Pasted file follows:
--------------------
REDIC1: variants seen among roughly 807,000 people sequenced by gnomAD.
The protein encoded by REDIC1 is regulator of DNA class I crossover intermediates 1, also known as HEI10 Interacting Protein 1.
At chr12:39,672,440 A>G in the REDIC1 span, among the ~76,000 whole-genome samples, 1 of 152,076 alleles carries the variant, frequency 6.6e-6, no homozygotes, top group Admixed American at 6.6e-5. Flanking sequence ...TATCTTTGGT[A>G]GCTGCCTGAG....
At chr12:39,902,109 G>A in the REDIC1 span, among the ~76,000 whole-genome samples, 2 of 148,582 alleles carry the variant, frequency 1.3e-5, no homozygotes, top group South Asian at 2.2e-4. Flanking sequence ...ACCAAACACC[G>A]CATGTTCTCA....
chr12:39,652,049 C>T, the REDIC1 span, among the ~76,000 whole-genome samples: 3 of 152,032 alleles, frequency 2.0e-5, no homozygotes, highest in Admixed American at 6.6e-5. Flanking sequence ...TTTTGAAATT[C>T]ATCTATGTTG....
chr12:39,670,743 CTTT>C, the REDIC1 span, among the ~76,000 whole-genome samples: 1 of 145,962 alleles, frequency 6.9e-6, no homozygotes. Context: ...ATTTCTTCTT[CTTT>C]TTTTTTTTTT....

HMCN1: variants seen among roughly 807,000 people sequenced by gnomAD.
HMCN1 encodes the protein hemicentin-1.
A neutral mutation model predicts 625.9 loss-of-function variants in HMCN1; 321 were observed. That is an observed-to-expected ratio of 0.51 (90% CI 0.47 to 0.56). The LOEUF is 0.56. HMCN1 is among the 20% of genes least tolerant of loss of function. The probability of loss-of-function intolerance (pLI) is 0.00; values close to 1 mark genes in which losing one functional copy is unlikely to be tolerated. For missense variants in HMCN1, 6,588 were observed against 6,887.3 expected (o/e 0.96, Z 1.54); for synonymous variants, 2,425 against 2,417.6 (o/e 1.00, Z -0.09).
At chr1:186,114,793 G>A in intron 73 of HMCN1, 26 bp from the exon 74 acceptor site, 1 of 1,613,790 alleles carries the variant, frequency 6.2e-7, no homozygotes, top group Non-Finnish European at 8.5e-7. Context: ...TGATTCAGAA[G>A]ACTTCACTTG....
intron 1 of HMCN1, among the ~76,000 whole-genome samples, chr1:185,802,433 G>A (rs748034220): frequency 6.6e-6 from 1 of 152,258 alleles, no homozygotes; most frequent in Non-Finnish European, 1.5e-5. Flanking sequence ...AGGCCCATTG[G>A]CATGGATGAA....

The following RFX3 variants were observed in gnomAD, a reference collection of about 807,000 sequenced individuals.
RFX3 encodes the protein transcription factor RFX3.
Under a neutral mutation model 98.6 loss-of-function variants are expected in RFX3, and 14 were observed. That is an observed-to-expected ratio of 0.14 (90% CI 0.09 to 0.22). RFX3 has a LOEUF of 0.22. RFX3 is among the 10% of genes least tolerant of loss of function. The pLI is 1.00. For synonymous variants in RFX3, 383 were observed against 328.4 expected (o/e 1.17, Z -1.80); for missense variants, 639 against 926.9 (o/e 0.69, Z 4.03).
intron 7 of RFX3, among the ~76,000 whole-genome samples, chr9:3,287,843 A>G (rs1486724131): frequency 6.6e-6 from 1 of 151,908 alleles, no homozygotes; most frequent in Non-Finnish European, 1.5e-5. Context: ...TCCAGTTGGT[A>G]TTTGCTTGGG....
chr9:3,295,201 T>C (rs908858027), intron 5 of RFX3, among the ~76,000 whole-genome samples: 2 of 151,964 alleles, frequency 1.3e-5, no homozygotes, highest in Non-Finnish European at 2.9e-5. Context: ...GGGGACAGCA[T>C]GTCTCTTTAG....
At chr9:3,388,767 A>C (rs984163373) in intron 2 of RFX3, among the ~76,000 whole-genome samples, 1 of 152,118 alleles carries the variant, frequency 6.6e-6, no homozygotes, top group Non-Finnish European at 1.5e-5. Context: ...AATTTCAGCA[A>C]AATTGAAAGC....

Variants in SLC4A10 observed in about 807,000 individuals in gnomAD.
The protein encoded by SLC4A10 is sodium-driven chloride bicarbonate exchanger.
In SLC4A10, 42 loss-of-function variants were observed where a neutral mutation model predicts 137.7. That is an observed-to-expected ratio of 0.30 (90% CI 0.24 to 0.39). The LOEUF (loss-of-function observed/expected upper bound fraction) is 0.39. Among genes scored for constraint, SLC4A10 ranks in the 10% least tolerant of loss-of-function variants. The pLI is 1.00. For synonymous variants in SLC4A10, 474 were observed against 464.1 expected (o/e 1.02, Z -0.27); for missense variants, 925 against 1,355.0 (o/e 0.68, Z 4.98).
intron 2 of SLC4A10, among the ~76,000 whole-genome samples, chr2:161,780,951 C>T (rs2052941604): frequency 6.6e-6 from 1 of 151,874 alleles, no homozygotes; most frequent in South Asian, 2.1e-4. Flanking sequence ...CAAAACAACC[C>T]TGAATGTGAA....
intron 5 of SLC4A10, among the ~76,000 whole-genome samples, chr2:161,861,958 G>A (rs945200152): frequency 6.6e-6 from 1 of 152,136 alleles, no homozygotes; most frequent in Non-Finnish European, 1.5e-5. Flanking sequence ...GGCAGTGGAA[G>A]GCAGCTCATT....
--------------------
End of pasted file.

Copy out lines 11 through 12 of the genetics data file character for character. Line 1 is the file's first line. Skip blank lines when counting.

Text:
intron 1 of HMCN1, among the ~76,000 whole-genome samples, chr1:185,802,433 G>A (rs748034220): frequency 6.6e-6 from 1 of 152,258 alleles, no homozygotes; most frequent in Non-Finnish European, 1.5e-5. Flanking sequence ...AGGCCCATTG[G>A]CATGGATGAA....

The following RFX3 variants were observed in gnomAD, a reference collection of about 807,000 sequenced individuals.